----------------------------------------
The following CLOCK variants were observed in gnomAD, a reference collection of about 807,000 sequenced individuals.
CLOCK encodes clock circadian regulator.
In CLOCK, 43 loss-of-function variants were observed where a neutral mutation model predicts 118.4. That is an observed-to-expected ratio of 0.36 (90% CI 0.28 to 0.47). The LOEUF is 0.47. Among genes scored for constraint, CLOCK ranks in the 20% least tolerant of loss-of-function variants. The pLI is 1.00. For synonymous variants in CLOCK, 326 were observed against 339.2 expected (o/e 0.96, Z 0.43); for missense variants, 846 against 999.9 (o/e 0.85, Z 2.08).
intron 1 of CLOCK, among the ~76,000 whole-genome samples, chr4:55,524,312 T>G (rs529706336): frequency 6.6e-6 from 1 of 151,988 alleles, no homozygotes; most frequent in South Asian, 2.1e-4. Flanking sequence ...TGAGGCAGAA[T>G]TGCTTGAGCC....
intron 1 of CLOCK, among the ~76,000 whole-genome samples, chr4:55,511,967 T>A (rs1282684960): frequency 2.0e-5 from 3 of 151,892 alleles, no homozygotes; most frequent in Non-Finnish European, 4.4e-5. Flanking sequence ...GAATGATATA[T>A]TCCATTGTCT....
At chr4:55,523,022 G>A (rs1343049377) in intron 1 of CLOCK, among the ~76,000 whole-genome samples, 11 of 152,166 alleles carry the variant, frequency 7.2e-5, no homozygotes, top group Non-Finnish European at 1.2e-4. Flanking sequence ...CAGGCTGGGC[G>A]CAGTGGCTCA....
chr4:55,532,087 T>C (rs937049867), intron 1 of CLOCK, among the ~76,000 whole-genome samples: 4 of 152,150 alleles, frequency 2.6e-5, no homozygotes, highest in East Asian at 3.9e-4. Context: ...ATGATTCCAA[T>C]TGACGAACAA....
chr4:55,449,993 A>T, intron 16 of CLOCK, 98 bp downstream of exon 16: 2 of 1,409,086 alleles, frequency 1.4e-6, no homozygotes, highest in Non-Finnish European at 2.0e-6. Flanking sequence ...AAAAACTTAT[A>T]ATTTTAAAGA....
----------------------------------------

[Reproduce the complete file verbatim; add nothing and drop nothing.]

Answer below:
The following CLOCK variants were observed in gnomAD, a reference collection of about 807,000 sequenced individuals.
CLOCK encodes clock circadian regulator.
In CLOCK, 43 loss-of-function variants were observed where a neutral mutation model predicts 118.4. That is an observed-to-expected ratio of 0.36 (90% CI 0.28 to 0.47). The LOEUF is 0.47. Among genes scored for constraint, CLOCK ranks in the 20% least tolerant of loss-of-function variants. The pLI is 1.00. For synonymous variants in CLOCK, 326 were observed against 339.2 expected (o/e 0.96, Z 0.43); for missense variants, 846 against 999.9 (o/e 0.85, Z 2.08).
intron 1 of CLOCK, among the ~76,000 whole-genome samples, chr4:55,524,312 T>G (rs529706336): frequency 6.6e-6 from 1 of 151,988 alleles, no homozygotes; most frequent in South Asian, 2.1e-4. Flanking sequence ...TGAGGCAGAA[T>G]TGCTTGAGCC....
intron 1 of CLOCK, among the ~76,000 whole-genome samples, chr4:55,511,967 T>A (rs1282684960): frequency 2.0e-5 from 3 of 151,892 alleles, no homozygotes; most frequent in Non-Finnish European, 4.4e-5. Flanking sequence ...GAATGATATA[T>A]TCCATTGTCT....
At chr4:55,523,022 G>A (rs1343049377) in intron 1 of CLOCK, among the ~76,000 whole-genome samples, 11 of 152,166 alleles carry the variant, frequency 7.2e-5, no homozygotes, top group Non-Finnish European at 1.2e-4. Flanking sequence ...CAGGCTGGGC[G>A]CAGTGGCTCA....
chr4:55,532,087 T>C (rs937049867), intron 1 of CLOCK, among the ~76,000 whole-genome samples: 4 of 152,150 alleles, frequency 2.6e-5, no homozygotes, highest in East Asian at 3.9e-4. Context: ...ATGATTCCAA[T>C]TGACGAACAA....
chr4:55,449,993 A>T, intron 16 of CLOCK, 98 bp downstream of exon 16: 2 of 1,409,086 alleles, frequency 1.4e-6, no homozygotes, highest in Non-Finnish European at 2.0e-6. Flanking sequence ...AAAAACTTAT[A>T]ATTTTAAAGA....